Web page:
peripheral transistors for processing signals from the plurality of pixel portions provided outside a periphery of the imaging portion in a peripheral circuit region, the peripheral transistors including an amplifying transistor, a logic transistor, and a select transistor corresponding to each imaging region being employed in a power supply circuit that controls a current source supplied to the pixel portion read out using the transfer gate or to a transistor in the imaging region associated with the pixel portion, and
the power supply circuit being in the peripheral circuit region, a voltage applied to the transfer gate and a voltage supplied to the peripheral transistors are provided separately,
the power supply circuit device is configured such that the voltage applied to the transfer gate is set higher than the voltage applied to the peripheral transistors, the voltage applied to the transfer gate being higher to increase a number of signal charges completely transferred from the plurality of pixel portions.
2. The CMOS solid state imaging device according to claim 1, wherein a thickness of a gate insulation film corresponding to the transfer gate is made thicker than a thickness of a gate insulation film corresponding to the logic transistor.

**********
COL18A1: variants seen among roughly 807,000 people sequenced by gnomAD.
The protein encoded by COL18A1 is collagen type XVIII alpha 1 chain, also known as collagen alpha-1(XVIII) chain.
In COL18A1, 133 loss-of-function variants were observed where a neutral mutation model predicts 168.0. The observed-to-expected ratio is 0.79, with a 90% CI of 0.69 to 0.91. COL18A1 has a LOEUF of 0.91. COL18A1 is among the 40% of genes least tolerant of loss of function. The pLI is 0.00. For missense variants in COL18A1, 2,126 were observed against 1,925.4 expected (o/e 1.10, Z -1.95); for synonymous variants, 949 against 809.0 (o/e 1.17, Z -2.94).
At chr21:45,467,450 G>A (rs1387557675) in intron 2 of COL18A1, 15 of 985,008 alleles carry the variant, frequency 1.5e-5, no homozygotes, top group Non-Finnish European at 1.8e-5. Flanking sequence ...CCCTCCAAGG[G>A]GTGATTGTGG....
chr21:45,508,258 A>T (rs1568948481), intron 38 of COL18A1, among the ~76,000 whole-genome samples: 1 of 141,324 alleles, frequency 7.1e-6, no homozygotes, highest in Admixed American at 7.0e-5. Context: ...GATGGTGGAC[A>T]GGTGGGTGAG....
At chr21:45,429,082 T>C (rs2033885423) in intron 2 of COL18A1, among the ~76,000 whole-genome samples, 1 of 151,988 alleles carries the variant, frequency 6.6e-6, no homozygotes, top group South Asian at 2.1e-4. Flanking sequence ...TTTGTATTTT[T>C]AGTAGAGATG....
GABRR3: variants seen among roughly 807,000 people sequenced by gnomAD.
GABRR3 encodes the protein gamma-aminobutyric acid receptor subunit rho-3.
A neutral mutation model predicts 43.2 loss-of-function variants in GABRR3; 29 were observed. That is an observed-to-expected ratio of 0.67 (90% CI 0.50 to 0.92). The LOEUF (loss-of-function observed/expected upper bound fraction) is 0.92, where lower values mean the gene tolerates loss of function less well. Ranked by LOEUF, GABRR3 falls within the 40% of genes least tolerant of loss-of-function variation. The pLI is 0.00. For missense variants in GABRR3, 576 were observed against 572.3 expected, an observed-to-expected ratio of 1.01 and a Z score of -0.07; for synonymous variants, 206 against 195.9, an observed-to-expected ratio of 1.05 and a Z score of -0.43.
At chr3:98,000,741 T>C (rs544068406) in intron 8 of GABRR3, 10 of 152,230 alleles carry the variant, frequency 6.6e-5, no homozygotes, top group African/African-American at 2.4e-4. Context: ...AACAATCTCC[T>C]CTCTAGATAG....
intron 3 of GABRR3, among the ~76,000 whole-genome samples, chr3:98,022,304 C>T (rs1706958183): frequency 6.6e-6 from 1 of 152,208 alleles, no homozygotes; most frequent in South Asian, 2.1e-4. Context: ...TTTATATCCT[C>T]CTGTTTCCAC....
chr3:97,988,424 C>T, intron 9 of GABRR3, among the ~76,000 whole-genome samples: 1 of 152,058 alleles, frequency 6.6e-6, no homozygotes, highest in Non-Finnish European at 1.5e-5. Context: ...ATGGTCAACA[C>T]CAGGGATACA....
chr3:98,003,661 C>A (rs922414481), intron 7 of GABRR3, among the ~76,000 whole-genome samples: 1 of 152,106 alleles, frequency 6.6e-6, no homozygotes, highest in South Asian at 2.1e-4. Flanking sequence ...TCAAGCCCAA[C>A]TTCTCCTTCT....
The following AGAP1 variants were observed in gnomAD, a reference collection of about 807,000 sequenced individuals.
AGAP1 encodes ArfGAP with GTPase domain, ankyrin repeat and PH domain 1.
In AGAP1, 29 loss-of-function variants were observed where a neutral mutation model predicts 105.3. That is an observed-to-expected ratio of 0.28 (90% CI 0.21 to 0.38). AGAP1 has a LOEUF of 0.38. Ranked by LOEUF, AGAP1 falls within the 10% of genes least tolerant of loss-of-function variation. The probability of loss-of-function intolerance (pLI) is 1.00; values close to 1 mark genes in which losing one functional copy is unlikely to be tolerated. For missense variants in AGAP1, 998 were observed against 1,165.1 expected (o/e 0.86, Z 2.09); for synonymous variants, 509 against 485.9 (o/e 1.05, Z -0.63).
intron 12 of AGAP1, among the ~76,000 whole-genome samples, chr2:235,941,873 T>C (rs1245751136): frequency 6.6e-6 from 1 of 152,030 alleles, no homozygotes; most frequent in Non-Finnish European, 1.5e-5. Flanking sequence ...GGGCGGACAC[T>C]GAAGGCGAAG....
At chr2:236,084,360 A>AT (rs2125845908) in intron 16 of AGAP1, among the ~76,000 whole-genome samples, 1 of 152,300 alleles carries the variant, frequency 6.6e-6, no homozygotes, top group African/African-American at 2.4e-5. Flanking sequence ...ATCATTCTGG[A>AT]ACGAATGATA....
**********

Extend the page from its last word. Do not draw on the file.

3. The CMOS solid state imaging device according to claim 1, wherein the CMOS solid state imaging device is configured to have an impurity profile in which only a charge-to-potential conversion portion, provided downstream of charges in the transfer gate, is field-mitigated.
4. The CMOS solid state imaging device according to claim 1, wherein the voltage applied to the transfer gate is applied to one or more other gates in the pixel portion reducing size and power consumption of the CMOS solid state imaging device.
5. The CMOS solid state imaging device according to claim 1, wherein a number of signal charges completely transferred from the plurality of pixel portions are a quantity of saturation signals.